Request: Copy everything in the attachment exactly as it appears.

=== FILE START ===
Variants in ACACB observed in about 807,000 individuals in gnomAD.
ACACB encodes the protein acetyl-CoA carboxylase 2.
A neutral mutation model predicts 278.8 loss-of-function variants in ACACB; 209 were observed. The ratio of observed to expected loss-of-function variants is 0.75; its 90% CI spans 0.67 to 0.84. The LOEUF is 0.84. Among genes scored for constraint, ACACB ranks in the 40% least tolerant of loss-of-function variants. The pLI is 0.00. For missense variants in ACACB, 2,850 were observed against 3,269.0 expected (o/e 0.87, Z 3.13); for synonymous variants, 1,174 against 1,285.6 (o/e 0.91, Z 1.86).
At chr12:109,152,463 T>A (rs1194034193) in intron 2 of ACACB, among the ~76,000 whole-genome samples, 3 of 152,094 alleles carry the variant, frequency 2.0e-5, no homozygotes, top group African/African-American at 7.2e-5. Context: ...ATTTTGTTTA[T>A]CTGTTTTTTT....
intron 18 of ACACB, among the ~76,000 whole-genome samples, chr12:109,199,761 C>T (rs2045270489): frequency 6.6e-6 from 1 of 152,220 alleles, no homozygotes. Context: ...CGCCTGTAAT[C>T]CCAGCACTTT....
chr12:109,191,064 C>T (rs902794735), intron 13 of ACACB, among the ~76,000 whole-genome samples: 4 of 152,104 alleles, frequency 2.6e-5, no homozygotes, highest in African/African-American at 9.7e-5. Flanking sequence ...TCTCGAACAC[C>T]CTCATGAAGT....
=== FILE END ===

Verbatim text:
Variants in ACACB observed in about 807,000 individuals in gnomAD.
ACACB encodes the protein acetyl-CoA carboxylase 2.
A neutral mutation model predicts 278.8 loss-of-function variants in ACACB; 209 were observed. The ratio of observed to expected loss-of-function variants is 0.75; its 90% CI spans 0.67 to 0.84. The LOEUF is 0.84. Among genes scored for constraint, ACACB ranks in the 40% least tolerant of loss-of-function variants. The pLI is 0.00. For missense variants in ACACB, 2,850 were observed against 3,269.0 expected (o/e 0.87, Z 3.13); for synonymous variants, 1,174 against 1,285.6 (o/e 0.91, Z 1.86).
At chr12:109,152,463 T>A (rs1194034193) in intron 2 of ACACB, among the ~76,000 whole-genome samples, 3 of 152,094 alleles carry the variant, frequency 2.0e-5, no homozygotes, top group African/African-American at 7.2e-5. Context: ...ATTTTGTTTA[T>A]CTGTTTTTTT....
intron 18 of ACACB, among the ~76,000 whole-genome samples, chr12:109,199,761 C>T (rs2045270489): frequency 6.6e-6 from 1 of 152,220 alleles, no homozygotes. Context: ...CGCCTGTAAT[C>T]CCAGCACTTT....
chr12:109,191,064 C>T (rs902794735), intron 13 of ACACB, among the ~76,000 whole-genome samples: 4 of 152,104 alleles, frequency 2.6e-5, no homozygotes, highest in African/African-American at 9.7e-5. Flanking sequence ...TCTCGAACAC[C>T]CTCATGAAGT....